The many wide, tracking shots packed with astonishingly well-choreographed action in Roma don’t quite register for some time after they’ve started — in some cases, after the movie has ended — because so much of the first half of the film is in quiet observance of this family. The basic beats of the story arc could not possibly be simpler. Then comes the gripping, tense scene of Cleo giving birth, and its one-shot chaos is reminiscent of the birth scene in Cuarón’s jaw-dropping Children of Men (2006). This time, however, instead of being a ray of light in a truly bleak world, that dynamic is inverted.

The key difference between the feats of editing, cinematography and production design of Children of Men and Roma are that in the former film, one could argue that Alfonso Cuarón was showing off. This time, the details are so subtle they are easy to miss, as you very slowly yet very assuredly become invested in the goings-on of this family. Even the truth about the kids’ mother and father’s marriage takes its sweet time to reveal itself.

And then, a string of visual set pieces, seamlessly woven together. Cleo looking on dumbstruck at babies in a hospital nursury when an earthquake hits. Witnessing “El Halconazo,” or the 1971 massacre of student demonstrators in Mexico City, through a set of second-story windows while crib shopping. A New Year’s Eve forest fire fought by nearby revelers suddenly tasked with passing buckets of water to splash upon the flames, in a chain stretching from a nearby lake. An unbroken shot from shore, well into the waves of the ocean, and back to the beach again, as Cleo goes out to retrieve two kids who swam out too far, even though she herself can’t swim. Details here and there making lasting impressions: earthquake rubble on top of a hospital nursery’s baby incubator. Onlookers at the New Year’s Eve fire calmly sipping from their champagne glasses.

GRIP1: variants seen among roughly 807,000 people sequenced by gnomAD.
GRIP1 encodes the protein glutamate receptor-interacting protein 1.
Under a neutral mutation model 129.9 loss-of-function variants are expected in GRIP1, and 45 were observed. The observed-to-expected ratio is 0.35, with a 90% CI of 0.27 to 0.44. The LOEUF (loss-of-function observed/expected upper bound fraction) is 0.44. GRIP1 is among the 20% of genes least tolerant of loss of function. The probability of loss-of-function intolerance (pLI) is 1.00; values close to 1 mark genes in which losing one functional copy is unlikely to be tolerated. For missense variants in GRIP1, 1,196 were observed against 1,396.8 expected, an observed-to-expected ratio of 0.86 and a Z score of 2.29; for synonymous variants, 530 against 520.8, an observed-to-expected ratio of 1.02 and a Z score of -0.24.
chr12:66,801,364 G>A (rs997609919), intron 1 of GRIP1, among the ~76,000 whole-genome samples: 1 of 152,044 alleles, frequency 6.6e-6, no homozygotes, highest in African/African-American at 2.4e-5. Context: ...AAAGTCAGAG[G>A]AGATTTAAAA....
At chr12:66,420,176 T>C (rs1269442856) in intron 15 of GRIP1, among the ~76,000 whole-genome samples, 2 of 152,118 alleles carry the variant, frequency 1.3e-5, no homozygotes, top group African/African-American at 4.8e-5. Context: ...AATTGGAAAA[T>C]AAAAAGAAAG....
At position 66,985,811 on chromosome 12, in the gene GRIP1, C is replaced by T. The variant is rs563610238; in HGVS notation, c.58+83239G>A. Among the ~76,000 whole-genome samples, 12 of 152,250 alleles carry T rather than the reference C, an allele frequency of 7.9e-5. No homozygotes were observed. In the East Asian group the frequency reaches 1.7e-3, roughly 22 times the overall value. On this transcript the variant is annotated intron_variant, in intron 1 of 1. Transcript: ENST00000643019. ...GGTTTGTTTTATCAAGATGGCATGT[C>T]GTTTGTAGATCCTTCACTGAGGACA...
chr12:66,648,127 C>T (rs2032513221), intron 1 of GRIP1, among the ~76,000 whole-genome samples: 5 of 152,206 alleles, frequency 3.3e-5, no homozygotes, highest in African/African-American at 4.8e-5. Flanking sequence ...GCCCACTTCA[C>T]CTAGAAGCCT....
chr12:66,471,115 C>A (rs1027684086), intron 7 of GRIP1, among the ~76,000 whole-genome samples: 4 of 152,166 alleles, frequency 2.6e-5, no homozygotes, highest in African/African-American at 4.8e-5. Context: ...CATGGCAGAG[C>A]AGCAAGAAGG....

Almost entirely constructed as recreations of Cuarón’s own memories, Roma is packed with detail, but because he refuses to sensationalize any of them, they can be easy to miss. Cleo’s life is marked by hardship, but she herself barely seems to notice. The problems of the family that employs her seem almost laughable by comparison, but she serves as a sort of rock for them.

Roma has clear sociopolitical implications regarding where class and race intersect — Cleo is of indigenous descent. One wonders how this presentation plays within activist circles in Mexico, and what might be considered offensive or overwrought. The story is plainly told from Cleo’s point of view, though, and its presentation seems to be devoid of cliché, at least from my admittedly limited, white-American perspective.